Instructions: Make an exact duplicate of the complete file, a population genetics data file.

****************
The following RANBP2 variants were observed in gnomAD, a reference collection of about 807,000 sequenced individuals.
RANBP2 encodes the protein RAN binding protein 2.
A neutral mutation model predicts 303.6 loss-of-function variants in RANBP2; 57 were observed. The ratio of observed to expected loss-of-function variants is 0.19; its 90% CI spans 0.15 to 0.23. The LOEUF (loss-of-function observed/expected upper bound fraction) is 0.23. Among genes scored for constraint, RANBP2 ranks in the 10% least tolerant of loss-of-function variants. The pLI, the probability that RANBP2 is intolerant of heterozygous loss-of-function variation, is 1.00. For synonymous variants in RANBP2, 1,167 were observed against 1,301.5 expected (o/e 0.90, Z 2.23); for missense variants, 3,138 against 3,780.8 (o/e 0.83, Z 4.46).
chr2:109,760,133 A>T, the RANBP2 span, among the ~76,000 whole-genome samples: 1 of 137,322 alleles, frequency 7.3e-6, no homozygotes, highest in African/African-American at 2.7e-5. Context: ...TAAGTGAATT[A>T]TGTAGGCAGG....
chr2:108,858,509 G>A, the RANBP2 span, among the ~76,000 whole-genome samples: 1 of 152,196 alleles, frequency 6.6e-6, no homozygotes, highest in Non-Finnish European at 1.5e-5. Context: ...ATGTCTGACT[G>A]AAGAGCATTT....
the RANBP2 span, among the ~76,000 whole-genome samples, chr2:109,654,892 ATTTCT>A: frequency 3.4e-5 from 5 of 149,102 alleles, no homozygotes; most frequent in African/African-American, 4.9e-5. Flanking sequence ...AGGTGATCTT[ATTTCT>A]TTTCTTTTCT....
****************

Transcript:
The following RANBP2 variants were observed in gnomAD, a reference collection of about 807,000 sequenced individuals.
RANBP2 encodes the protein RAN binding protein 2.
A neutral mutation model predicts 303.6 loss-of-function variants in RANBP2; 57 were observed. The ratio of observed to expected loss-of-function variants is 0.19; its 90% CI spans 0.15 to 0.23. The LOEUF (loss-of-function observed/expected upper bound fraction) is 0.23. Among genes scored for constraint, RANBP2 ranks in the 10% least tolerant of loss-of-function variants. The pLI, the probability that RANBP2 is intolerant of heterozygous loss-of-function variation, is 1.00. For synonymous variants in RANBP2, 1,167 were observed against 1,301.5 expected (o/e 0.90, Z 2.23); for missense variants, 3,138 against 3,780.8 (o/e 0.83, Z 4.46).
chr2:109,760,133 A>T, the RANBP2 span, among the ~76,000 whole-genome samples: 1 of 137,322 alleles, frequency 7.3e-6, no homozygotes, highest in African/African-American at 2.7e-5. Context: ...TAAGTGAATT[A>T]TGTAGGCAGG....
chr2:108,858,509 G>A, the RANBP2 span, among the ~76,000 whole-genome samples: 1 of 152,196 alleles, frequency 6.6e-6, no homozygotes, highest in Non-Finnish European at 1.5e-5. Context: ...ATGTCTGACT[G>A]AAGAGCATTT....
the RANBP2 span, among the ~76,000 whole-genome samples, chr2:109,654,892 ATTTCT>A: frequency 3.4e-5 from 5 of 149,102 alleles, no homozygotes; most frequent in African/African-American, 4.9e-5. Flanking sequence ...AGGTGATCTT[ATTTCT>A]TTTCTTTTCT....